Exactly why we sleep is still something of a mystery, but a newly-published study suggests one possibility: to physically clean our brains.
The idea comes following a study of mice that found brain cells shrinking during sleep, allowing around 60 percent more space in between them compared with waking hours. That allowed for a roughly ten-fold increase in the speed at which cerebral spine fluid flows through the brains in what’s now known as the glymphatic system.
A research team led by Maiken Nedergaard of the University of Rochester explored what benefits this might bring. They injected the mice with traces of amyloid beta proteins that have been linked to conditions such as Alzheimer’s disease and found these were “flushed out” faster from the brain when the mice were asleep.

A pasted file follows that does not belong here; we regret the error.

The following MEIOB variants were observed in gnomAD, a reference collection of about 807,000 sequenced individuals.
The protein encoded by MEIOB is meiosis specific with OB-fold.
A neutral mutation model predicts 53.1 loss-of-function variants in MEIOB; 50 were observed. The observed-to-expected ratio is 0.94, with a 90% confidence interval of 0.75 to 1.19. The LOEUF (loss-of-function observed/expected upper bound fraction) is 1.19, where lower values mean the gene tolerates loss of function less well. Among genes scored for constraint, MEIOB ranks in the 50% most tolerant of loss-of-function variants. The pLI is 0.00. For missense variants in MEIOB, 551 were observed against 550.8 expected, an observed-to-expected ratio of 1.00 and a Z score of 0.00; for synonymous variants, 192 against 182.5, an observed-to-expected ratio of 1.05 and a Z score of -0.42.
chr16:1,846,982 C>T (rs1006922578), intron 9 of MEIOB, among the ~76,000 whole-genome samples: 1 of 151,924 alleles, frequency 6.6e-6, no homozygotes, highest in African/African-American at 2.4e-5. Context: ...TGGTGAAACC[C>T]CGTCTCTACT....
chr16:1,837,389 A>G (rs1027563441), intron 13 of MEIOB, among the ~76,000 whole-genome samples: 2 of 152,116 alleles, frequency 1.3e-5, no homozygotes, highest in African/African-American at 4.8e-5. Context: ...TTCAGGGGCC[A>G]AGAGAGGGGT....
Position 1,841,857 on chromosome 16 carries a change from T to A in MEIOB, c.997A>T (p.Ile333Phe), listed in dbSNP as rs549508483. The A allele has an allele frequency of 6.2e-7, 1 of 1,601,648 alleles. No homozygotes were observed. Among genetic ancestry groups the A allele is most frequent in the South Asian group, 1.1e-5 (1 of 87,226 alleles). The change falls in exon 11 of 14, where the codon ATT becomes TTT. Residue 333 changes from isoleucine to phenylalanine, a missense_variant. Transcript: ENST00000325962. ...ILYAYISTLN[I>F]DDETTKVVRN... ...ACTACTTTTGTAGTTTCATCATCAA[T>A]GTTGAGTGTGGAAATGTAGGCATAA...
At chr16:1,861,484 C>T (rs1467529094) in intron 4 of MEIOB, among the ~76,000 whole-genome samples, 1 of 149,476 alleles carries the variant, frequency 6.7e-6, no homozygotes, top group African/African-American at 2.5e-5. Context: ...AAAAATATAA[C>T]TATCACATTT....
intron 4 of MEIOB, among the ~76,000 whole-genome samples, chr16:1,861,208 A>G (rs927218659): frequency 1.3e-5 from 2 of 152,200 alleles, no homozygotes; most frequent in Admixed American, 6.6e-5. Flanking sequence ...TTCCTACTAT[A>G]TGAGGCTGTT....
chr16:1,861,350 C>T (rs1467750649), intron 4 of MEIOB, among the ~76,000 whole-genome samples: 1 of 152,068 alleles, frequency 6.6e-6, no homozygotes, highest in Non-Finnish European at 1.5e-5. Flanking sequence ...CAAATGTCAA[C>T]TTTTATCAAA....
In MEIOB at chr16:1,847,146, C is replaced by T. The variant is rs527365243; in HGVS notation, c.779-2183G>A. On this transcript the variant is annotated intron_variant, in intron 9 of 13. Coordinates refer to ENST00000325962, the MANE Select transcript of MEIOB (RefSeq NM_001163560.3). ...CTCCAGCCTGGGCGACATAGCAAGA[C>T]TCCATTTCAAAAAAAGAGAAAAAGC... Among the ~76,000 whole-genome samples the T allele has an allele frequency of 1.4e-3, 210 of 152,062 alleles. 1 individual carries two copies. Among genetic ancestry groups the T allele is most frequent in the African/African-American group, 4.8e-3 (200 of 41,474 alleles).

Nedergaard believes that as well as removing toxins, the process may simply be clearing out waste products from the brain’s activity. Her theory is that the energy requirements of this process make it impractical while the mouse is conscious, using the analogy ” You can think of it like having a house party. You can either entertain the guests or clean up the house, but you can’t really do both at the same time.”
The findings may spark further research to see whether the same process is taking place with humans and whether the results are different among people who are starved of sleep.
It could be an answer to the question of what physical reason (as opposed to psychological reason) there is for animals to sleep: as the BBC notes, it must be something important to make it worth the increased risk of being attacked by predators. However, sleep experts interviewed by the Guardian believe that even if the results are the same in humans, it’s likely to only be a part of the puzzle rather than a complete solution.
The research is more likely to have practical benefits in medicine: it’s possible that damage to the way the brain cleans itself of toxins may be a contributing factor to degenerative conditions.